• Dennis Tito, the first space tourist, wants to put humans on Mars in 2018, and he’s created a non-profit called the Inspiration Mars Foundation to do it. I have to be honest, the timeframe of this sounds absolutely crazy to me. Not many details have been announced, but apparently there will be a press conference next Wed. Feb. 27th in which more details will be revealed, so I’ll try to withhold my skepticism until then, but it’s hard. (Via Universe Today)
  • Astronomers with NASA’s Kepler Mission have found the tiniest exoplanet yet, orbiting the star Kepler-37 about 200 light years away. This planet is significant because it’s even smaller than our own Mercury, and just barely bigger than Earth’s moon! Finding a planet that small is a major milestone and huge accomplishment for the Kepler team. I’ve no doubt they will be finding the Holy Grail of planet-hunting, a true Earth twin, within a year or two. (Via Bad Astronomy)
Image via Universe Today

Image via Universe Today

You may have heard about the killer asteroid aptly named Apophis, which had a chance of hitting earth in 2036 and potentially devastating a good chunk of the human population. Thankfully, scientists have now made more accurate observations of Apophis and ruled out the possibility of it hitting earth.

The asteroid has been on a watch list for many years because in 2029 it will pass very VERY close to earth. So close that it will actually be inside the orbit of some of our satellites! The fear was that if the asteroid passed through a very specific spot as it passed us, the earth’s gravity would tug on it just right so that its orbit would be altered and it would hit earth on its next pass in 2036. Due to limited observations of Apophis, astronomers didn’t know its exact orbit accurately enough to determine if it would pass through this very specific gravitational “keyhole.” Even before this latest observation, which occurred during its latest flyby of earth, the odds of Apophis passing through that keyhole were very slim (about 1 in 100,000 if I remember correctly, but don’t quote me on that) but significant enough to worry. Further observations a few years ago lessened the odds considerably to about 1 in 1,000,000. Now, astronomers are absolutely positive the rock will not pass through that gravitational keyhole, and the rock will never hit earth. They also learned from these latest observations that Apophis is actually larger than originally thought- about 325 meters in diameter, vs. 270. So it’s a really good thing that this rock won’t hit us!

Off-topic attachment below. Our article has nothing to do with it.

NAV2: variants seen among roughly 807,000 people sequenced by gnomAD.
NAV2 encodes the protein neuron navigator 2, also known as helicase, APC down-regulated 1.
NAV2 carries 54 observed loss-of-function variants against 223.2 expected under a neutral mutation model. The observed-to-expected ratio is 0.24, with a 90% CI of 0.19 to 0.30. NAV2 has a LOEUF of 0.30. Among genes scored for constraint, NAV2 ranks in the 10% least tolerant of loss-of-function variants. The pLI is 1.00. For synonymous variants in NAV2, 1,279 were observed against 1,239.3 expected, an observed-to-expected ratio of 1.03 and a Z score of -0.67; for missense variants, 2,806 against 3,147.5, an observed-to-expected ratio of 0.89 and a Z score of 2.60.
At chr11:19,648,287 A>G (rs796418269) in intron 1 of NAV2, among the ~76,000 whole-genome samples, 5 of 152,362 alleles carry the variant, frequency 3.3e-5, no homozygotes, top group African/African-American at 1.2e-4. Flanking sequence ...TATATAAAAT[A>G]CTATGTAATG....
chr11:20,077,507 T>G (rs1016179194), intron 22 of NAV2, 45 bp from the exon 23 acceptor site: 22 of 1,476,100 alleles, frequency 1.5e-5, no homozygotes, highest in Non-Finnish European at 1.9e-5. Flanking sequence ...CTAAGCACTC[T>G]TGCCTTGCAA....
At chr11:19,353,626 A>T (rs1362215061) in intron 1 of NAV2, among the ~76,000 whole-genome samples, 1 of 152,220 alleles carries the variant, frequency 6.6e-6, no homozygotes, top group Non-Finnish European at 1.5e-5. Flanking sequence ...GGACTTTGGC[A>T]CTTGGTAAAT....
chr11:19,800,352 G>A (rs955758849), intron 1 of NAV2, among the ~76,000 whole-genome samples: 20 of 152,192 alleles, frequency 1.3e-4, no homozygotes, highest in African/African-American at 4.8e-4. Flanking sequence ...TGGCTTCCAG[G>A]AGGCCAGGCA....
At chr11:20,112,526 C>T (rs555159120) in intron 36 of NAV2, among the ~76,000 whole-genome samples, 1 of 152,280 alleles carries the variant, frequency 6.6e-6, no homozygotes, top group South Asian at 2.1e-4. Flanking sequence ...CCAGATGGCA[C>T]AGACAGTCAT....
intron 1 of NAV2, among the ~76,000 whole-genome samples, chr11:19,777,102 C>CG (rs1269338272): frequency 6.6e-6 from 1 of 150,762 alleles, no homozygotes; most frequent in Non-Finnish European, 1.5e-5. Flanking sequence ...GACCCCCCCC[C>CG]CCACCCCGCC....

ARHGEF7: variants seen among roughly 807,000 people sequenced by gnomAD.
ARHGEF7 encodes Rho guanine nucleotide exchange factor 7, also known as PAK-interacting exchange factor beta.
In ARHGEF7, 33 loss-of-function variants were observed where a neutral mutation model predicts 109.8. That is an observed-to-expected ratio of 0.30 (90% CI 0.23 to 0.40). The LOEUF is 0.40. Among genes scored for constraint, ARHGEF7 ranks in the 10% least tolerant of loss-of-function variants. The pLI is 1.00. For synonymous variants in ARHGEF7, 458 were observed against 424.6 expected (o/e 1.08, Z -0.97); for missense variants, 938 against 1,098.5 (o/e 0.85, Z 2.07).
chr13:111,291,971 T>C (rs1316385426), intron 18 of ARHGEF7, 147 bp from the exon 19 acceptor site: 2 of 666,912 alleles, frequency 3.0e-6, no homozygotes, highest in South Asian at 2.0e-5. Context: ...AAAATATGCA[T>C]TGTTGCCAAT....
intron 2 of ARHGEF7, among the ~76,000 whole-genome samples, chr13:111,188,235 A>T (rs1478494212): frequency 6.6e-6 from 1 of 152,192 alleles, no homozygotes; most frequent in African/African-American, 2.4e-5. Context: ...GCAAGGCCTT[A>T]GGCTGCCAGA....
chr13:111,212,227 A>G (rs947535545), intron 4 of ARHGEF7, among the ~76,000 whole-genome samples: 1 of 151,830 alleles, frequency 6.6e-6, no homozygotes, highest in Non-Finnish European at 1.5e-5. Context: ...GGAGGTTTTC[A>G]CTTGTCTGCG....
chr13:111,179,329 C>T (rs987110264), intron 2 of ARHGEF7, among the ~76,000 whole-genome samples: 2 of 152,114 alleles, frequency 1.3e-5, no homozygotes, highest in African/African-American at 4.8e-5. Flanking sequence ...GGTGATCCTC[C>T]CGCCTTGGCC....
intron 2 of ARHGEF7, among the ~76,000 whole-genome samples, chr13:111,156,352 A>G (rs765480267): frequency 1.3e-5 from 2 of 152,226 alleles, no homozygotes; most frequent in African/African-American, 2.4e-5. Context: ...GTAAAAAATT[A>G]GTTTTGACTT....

This does not mean we can sit back and relax, however. There are probably thousands of asteroids flying around out there that we haven’t even seen yet, and any of them could be on a collision course with us. It’s a very real threat, and based on our knowledge of past extinctions and impacts, statistically it’s only a matter of time before we get smacked by another one. We just have be able to detect it before it hits us, and have the technology in place to deflect it.

More detailed info can be found at Bad Astronomy and Universe Today.

This is an interesting short documentary episode from Vice’s Motherboard series on Copenhagen Suborbitals, a self-proclaimed “open-source, do-it-yourself space endeavor” started by two really smart guys in Denmark. Basically they want the world to realize that getting to space is actually a very achievable thing for average people if they really truly want to do it. It’s an awesome idea and one that I applaud whole-heartedly. Just watch and be amazed at what these guys have accomplished so far with their DIY approach.

Today I turn 31. Somehow I’ve managed to go this long without knowing that I shared a birthday with the famous astronomer Edwin Hubble (after whom the Hubble Space Telescope is named). This is cool! Even though I also share my birthday with Joe Biden, Mike D (of the Beastie Boys), and Robert F. Kennedy, by far the coolest is Edwin Hubble. If this is not proof of the immensity of my nerdiness, I don’t know what is.